I found it fairly frustrating when a recipe called for a single tablespoon of tomato paste and I was left with the rest of a can with no other plans to use it.  I saw a suggestion in a magazine to freeze the rest of the can of tomato paste in ice cube trays, but since I didn't have any spare trays, I decided to just plop the rest of the can in tablespoons on parchment paper and put them in the freezer:

After a night freezing up, I was able to wrap them up individually in parchment paper:

Like a little bon-bon:

Then I put them all in a quart-size freezer bag:

So whenever a tablespoon (or more) of tomato paste, I just pull one (or more) of these from the freezer. So far, I pretty much use them straight from the freezer in recipes, like in Red Lentil Soup with Lemon.  But if you need it in soft paste form, let it defrost for about 30 minutes at room temp.

Hope this helps anybody who hates wasting food like me!

Tuesday, February 12, 2013

Red Lentil Soup with Lemon

I have been forever looking for the recipe of a tasty lentil soup that I had once in an Indian restaurant and never could find the recipe. It was called Mulligatawny soup but every recipe I've found looks nothing close to the one I ate. Then I found this recipe and it's hands-down one of my favorite soups of all time.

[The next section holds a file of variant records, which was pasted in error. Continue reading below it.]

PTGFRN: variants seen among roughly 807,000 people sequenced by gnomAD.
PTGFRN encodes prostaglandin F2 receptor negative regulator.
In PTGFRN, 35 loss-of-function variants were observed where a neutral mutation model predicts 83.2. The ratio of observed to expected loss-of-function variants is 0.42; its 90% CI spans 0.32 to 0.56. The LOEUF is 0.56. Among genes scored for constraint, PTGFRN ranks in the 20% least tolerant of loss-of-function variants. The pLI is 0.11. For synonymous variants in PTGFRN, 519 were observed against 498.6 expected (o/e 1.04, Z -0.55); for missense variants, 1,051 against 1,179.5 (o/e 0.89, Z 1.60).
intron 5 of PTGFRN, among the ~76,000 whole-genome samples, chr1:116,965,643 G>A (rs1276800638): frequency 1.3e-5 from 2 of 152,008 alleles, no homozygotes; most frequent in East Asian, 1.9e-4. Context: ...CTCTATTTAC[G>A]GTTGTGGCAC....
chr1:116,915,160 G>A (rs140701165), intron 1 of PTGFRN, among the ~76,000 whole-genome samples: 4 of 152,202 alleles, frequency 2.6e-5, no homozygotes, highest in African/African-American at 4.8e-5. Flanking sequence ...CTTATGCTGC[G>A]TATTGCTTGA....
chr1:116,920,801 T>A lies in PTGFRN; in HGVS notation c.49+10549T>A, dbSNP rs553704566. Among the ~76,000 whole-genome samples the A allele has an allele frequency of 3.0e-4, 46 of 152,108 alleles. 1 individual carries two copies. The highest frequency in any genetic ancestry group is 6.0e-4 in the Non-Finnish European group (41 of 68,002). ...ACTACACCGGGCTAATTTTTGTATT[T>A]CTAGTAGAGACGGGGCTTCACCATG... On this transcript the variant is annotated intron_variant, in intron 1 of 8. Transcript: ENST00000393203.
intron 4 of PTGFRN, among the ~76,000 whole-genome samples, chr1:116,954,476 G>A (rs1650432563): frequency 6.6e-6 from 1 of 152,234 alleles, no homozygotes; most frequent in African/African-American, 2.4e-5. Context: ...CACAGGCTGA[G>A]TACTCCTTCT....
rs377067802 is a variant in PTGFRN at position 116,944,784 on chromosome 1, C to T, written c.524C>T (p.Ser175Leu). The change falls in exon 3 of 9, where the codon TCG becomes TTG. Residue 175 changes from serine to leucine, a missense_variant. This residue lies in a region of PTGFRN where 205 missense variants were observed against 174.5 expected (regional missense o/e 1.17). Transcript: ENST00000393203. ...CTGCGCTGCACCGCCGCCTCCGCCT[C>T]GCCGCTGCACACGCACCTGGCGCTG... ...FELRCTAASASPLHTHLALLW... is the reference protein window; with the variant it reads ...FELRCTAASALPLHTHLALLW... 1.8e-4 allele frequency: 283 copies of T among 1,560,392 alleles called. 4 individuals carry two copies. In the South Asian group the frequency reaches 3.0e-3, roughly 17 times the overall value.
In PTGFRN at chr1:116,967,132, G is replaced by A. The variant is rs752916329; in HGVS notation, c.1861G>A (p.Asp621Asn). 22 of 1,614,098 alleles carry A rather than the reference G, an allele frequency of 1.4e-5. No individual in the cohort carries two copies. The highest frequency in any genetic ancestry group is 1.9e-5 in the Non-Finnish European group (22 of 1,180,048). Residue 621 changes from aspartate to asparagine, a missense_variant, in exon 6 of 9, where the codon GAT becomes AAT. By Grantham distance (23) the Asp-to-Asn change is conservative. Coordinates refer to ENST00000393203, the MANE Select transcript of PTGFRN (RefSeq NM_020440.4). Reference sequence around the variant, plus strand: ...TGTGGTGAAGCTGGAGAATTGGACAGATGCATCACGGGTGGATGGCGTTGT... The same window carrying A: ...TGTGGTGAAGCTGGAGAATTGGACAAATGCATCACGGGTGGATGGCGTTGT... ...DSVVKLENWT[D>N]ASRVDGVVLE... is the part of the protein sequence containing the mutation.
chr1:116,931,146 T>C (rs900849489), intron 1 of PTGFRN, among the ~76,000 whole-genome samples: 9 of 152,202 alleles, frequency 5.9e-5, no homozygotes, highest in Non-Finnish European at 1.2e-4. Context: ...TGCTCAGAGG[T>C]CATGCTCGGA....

The recipe was printed in the New York Times: Red Lentil Soup with Lemon by Melissa Clark. I'm still on the look out for a recipe for the tomato and lentil Mulligatawny soup--if anyone has it, please, please, please share it with me. In the meantime, this red lentil soup keeps me pretty happy in the meantime, especially on chilly days.

Monday, February 11, 2013

Dutch Oven Bread

I just remembered to update my previous post on the No-Knead bread, which I've been calling Dutch Oven bread also. I followed directions this time and used a dish towel on the second rise.  It made such an improvement:

Totally love this easy, beautiful bread!

Sunday, February 10, 2013

Vegan version of Linda's Egg/Spring rolls

I made a vegan version of Linda's egg/spring rolls with slight adjustments. I added some ginger and sesame to make up for the punch of the fish sauce.

I mixed together:
1 lb of firm tofu, smashed up with your hands
1 cup of finely shredded cabbage
1/2 cup finely grated carrots
cooked rice vermicelli noodles, about a cup (roughly chopped so they aren't long)
1 egg
2-3 garlic cloves, minced
1 TBSP of minced ginger
2 TBSP of sesame oil
1 TBSP roasted sesame seeds
generous sprinkle of pepper
scant TBSP of soy sauce

The filling can be made gluten-free if using tamari instead of soy sauce, so I tried to see if I could fry up some of the rice paper that I used for salad rolls to see if I could make gluten-free spring rolls:

I stuck it in the pan with the regular (vegan) spring roll wrappers:

They browned nicely, but the rice wrappers became very al dente and a bit chewy to eat.

So I'm still working on a gluten-free version of these rolls, but in the meantime, these vegan spring rolls are pretty dynamite!